How Will Reparations For Slavery Resound? Compared To Japanese American Reparations

In 1988, the American government officially apologized to the Japanese American community for the mass internment of about 110,000 people of Japanese ethnicity, who had been denied their civil liberties from February 1942 to late 1945 during World War II.

It was the proper and moral thing to do to recompense the 50,000 survivors of those internment camps with $20,000 compensation for each survivor.

But no payment was made to the offspring and later generations of Japanese Americans who had not lived in the camps.

Now a movement has begun to call for reparations for African American slavery, and it is making steam among many Democratic Presidential aspirants.

There is no question of the horrors and abuses visited on 4 million African Americans, who were born slaves, emancipated at the end of the Civil War, and suffered segregation, lynchings, denial of civil rights, and economic exploitation.

An attempt was made to provide “40 acres and a mule” for each black family after the Civil War, promoted by the Republican Party, but it never really got off the ground.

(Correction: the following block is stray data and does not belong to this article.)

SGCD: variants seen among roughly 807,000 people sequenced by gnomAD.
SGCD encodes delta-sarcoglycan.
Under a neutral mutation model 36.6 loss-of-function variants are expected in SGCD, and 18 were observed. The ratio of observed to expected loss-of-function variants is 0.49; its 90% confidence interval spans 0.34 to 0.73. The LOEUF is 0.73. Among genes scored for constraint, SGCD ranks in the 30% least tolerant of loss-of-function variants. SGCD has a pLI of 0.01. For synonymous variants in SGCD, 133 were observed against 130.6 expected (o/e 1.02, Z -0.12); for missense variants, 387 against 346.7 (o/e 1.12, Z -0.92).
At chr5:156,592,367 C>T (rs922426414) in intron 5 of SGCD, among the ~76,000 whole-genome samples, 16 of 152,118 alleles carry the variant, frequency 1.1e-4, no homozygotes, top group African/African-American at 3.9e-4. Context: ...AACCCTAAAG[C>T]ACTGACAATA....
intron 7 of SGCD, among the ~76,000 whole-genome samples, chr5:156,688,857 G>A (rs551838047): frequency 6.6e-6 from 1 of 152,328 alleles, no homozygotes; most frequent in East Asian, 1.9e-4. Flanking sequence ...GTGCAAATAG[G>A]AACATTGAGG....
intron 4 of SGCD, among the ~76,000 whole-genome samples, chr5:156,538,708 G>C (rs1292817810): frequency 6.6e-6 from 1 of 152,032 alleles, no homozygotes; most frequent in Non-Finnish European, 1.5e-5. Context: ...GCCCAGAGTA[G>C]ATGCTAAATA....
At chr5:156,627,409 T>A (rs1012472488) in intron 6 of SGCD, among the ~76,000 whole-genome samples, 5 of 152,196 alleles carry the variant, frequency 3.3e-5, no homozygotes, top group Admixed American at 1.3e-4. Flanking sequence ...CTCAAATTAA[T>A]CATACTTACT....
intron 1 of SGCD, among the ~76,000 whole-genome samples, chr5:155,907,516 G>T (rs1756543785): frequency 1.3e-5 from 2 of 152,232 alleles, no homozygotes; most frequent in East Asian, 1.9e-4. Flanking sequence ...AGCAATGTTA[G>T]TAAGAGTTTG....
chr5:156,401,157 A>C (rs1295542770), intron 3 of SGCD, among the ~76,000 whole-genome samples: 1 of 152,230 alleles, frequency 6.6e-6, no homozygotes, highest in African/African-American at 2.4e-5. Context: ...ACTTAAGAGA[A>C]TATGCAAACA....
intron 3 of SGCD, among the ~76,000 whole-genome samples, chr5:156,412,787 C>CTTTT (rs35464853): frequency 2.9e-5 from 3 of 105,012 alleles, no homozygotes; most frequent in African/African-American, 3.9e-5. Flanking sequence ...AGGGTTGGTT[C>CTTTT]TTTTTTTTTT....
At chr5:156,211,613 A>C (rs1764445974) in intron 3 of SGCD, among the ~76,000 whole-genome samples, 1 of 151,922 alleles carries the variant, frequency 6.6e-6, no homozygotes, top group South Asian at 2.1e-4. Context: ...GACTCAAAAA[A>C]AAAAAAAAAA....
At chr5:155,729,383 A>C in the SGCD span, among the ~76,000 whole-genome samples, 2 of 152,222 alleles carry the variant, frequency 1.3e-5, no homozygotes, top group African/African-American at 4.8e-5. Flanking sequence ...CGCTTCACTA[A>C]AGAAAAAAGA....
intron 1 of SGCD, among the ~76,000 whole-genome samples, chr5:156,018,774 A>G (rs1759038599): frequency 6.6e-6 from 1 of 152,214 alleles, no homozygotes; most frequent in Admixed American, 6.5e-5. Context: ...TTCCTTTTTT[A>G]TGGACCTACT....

That was an historical wrong, and compensation similar to this brief attempt should have been pursued in the late 19th century, but sadly it was not done.

But all those who were in slavery are long dead, and many of those who suffered under segregation, lynchings, denial of civil rights, and economic exploitation are also gone.

The African American experience has put that community at a disadvantage, but how can anyone figure out how to, in theory, compensate people who were not directly the victims of past wrongs?

Who would qualify, and how would one decide what an appropriate response in economic terms would be? It could lead to every ethnic and racial group demanding the same, and there is no way the US government could implement such a compensation plan, and not alienate those groups that would feel they were being blamed and assessed for something they had no role in bringing about.

Certainly, economic opportunity and new civil rights enforcement should be provided, but to have a compensation package in money terms would be an endless situation subject to much fraud.

So the answer is NOT to provide any specific compensation, because for the victims of slavery and segregation, their lifetimes have passed, and instead work on promoting fair and equitable treatment for all those whose ancestors were so shabbily treated.

This would include compensation for marijuana drug convictions for possession, and compensation for those imprisoned for years on the basis of failure to provide for a fair trial on various other charges, as often has happened in many states, particularly in the South.